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I have lived in five countries and have moved house nearly 20 times. In the last 15 years, I've only hired a removals firm once; the rest of the time I've done it myself with the help of a few friends. While it is very stressful, I've come up with a few ways to cut down on the hassle - and I'd like to share these with you.
1. Upstairs, downstairs Everything you move has to go through your front door, so it makes sense to have your belongings as close to the exit as possible. Make sure you get everything down from the loft (or up from the cellar) before moving day. After all, if it's in the loft, you probably don't use it every day, anyway.
Put the boxes in a room you can do without for a while and stack them three or four high. Try to keep the piles relatively even, so they won't fall on you or your children. (This has happened to me before and it was a pain to have to restack all the boxes).
2. Clear the clutter When you're moving things out of the loft or cellar, be ruthless and clear out anything you haven't used in the last two years. The same goes for the garage and for the garden shed. Every piece of tat you keep is one more thing to load and unload. By the end of move day, you'll wish you hadn't bothered. This is one my partner learned the hard way. The last time we moved,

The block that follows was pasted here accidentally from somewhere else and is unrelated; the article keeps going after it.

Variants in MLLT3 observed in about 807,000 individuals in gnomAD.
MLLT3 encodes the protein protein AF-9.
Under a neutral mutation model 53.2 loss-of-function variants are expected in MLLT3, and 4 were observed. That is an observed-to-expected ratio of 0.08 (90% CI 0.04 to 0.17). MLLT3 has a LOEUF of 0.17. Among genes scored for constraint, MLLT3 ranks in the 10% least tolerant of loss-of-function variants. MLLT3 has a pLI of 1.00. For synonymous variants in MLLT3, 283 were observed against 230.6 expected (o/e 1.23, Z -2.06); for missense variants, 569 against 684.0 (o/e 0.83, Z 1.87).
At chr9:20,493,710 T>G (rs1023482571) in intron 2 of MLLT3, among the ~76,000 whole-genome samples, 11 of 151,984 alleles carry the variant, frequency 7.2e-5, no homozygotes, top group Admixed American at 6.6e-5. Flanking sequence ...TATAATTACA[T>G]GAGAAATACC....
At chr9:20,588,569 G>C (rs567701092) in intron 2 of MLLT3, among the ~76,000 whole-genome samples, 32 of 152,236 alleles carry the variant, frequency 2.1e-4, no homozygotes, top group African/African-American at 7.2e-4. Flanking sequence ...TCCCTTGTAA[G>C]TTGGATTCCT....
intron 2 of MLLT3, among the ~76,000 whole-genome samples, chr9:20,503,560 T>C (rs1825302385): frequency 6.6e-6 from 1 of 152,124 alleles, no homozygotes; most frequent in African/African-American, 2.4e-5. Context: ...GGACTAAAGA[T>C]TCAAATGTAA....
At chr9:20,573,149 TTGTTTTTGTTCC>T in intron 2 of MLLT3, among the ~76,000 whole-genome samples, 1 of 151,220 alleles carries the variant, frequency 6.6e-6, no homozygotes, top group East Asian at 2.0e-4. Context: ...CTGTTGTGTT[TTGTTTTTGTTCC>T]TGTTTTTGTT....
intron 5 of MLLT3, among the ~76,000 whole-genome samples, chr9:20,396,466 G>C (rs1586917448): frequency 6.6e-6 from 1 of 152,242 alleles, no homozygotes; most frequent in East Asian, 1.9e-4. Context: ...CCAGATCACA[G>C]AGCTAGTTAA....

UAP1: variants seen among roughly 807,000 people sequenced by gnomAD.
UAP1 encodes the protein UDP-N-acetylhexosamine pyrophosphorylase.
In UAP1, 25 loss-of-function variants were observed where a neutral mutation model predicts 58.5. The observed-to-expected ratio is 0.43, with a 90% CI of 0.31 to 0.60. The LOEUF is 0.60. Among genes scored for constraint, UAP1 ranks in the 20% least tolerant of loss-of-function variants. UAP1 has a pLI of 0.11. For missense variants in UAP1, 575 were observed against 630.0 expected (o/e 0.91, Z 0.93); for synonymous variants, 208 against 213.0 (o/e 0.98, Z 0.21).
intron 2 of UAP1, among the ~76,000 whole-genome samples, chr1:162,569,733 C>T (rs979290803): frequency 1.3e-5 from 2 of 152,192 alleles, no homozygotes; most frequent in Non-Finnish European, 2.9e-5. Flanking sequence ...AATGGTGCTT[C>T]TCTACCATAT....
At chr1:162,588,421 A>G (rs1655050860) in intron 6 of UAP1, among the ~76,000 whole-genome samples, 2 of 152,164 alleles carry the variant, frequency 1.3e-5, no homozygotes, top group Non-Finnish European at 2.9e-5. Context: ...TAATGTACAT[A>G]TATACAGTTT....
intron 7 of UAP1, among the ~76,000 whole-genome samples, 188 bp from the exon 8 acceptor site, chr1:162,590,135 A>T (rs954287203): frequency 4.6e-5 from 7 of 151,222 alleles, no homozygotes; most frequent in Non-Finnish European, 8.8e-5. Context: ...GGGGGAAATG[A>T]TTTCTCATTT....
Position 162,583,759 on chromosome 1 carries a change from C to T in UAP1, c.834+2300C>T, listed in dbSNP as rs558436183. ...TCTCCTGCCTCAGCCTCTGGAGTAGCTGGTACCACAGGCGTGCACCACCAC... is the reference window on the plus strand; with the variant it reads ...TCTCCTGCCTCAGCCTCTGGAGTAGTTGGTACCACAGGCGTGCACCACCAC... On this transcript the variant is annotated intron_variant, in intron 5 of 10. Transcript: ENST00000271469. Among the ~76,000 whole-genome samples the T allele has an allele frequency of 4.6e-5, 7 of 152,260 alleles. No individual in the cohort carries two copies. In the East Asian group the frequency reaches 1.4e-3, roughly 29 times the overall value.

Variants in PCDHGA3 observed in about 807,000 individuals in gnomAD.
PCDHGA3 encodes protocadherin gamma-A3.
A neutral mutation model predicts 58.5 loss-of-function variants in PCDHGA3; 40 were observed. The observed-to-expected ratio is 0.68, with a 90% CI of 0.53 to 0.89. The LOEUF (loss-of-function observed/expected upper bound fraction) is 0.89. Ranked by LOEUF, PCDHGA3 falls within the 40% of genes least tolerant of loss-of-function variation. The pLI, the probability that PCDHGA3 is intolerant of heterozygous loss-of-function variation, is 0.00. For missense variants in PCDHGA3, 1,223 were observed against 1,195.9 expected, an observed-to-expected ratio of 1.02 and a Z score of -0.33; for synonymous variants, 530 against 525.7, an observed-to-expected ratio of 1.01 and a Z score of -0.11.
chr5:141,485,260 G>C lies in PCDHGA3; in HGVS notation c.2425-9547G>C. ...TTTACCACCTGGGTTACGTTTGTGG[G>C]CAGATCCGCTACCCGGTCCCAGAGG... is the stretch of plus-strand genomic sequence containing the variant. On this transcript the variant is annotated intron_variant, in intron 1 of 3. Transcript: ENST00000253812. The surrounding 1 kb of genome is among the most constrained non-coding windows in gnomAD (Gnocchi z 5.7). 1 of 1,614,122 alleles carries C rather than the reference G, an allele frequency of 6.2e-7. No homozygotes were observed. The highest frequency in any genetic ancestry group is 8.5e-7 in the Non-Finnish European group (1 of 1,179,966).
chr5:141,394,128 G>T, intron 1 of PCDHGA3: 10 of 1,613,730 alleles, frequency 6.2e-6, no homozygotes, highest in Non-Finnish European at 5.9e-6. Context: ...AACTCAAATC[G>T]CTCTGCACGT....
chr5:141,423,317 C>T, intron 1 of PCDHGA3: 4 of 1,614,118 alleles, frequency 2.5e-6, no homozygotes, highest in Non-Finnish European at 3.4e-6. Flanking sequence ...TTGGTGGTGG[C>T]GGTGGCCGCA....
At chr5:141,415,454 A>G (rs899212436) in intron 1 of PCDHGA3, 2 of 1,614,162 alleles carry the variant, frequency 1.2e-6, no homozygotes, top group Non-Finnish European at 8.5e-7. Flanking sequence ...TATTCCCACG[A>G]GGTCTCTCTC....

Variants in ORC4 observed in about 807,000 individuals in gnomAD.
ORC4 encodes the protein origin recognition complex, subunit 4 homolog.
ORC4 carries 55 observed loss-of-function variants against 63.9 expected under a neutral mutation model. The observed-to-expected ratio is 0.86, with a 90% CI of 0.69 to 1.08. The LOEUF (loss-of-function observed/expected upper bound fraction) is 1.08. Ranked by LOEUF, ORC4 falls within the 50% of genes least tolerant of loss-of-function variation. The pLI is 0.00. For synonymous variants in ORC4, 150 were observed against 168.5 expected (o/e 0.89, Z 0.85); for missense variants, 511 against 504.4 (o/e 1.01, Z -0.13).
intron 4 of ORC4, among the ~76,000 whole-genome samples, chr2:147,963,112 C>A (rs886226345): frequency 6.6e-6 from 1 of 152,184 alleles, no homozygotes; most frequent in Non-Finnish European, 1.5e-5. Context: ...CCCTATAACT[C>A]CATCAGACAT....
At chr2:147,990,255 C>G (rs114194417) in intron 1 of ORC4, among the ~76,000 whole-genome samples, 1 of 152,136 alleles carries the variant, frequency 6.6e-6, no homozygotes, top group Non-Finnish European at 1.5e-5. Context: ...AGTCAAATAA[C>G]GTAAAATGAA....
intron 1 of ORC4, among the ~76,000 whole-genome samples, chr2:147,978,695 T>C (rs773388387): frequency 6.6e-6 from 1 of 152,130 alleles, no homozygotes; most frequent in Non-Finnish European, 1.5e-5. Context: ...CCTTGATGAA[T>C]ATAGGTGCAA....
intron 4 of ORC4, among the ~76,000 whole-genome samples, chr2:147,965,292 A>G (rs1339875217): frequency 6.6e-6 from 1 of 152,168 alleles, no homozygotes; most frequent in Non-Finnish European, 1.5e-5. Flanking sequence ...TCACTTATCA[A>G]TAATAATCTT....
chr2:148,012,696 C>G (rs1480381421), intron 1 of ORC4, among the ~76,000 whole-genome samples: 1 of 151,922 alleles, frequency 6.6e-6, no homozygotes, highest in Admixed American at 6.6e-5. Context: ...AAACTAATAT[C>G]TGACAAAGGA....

he insisted on moving a rickety piece of furniture which we ended up taking to the tip on move day. Take it from me, the last thing you want to do is add any extra trips to the schedule.
There is one advantage of moving, though. It's a good time to 'lose' that unwanted Christmas or birthday gift. (Remember not to look too sad when you explain what happened or you might get a replacement.)
3. Plan your van When hiring a van, don't cut corners. Spend a bit more and get a van with a tail-lift. That will cut down on the backache and will be invaluable, especially for the larger furniture items. Buy or borrow a heavy duty trolley of some kind and you'll have almost all the bases covered. When booking a van, look for a company that will allow you to either pick it up the night before the move (to get a head start on the loading) or return it the day after (so you can collapse into bed at night without watching the clock).
4. Box clever Keep packing boxes small and manageable and your back will thank you. The boxes that reams of A4 paper come in (you can get a few from your office) are perfect for packing books, CDs, DVDs, tapes, records (if you've still got them) and other small items. The ones with handles are best.
Check out your local shop and ask them to save the boxes that snacks and chocolates are delivered in. They'll need to be reinforced but they're a good size as well.
For all the mums out there, the Pampers multipack boxes are strong and solid (and they have handles).
Finally, book boxes (the smaller ones, of course) from your local bookshop. These are difficult to get hold of but when you use them you can be sure that your stuff won't fall out mid-move.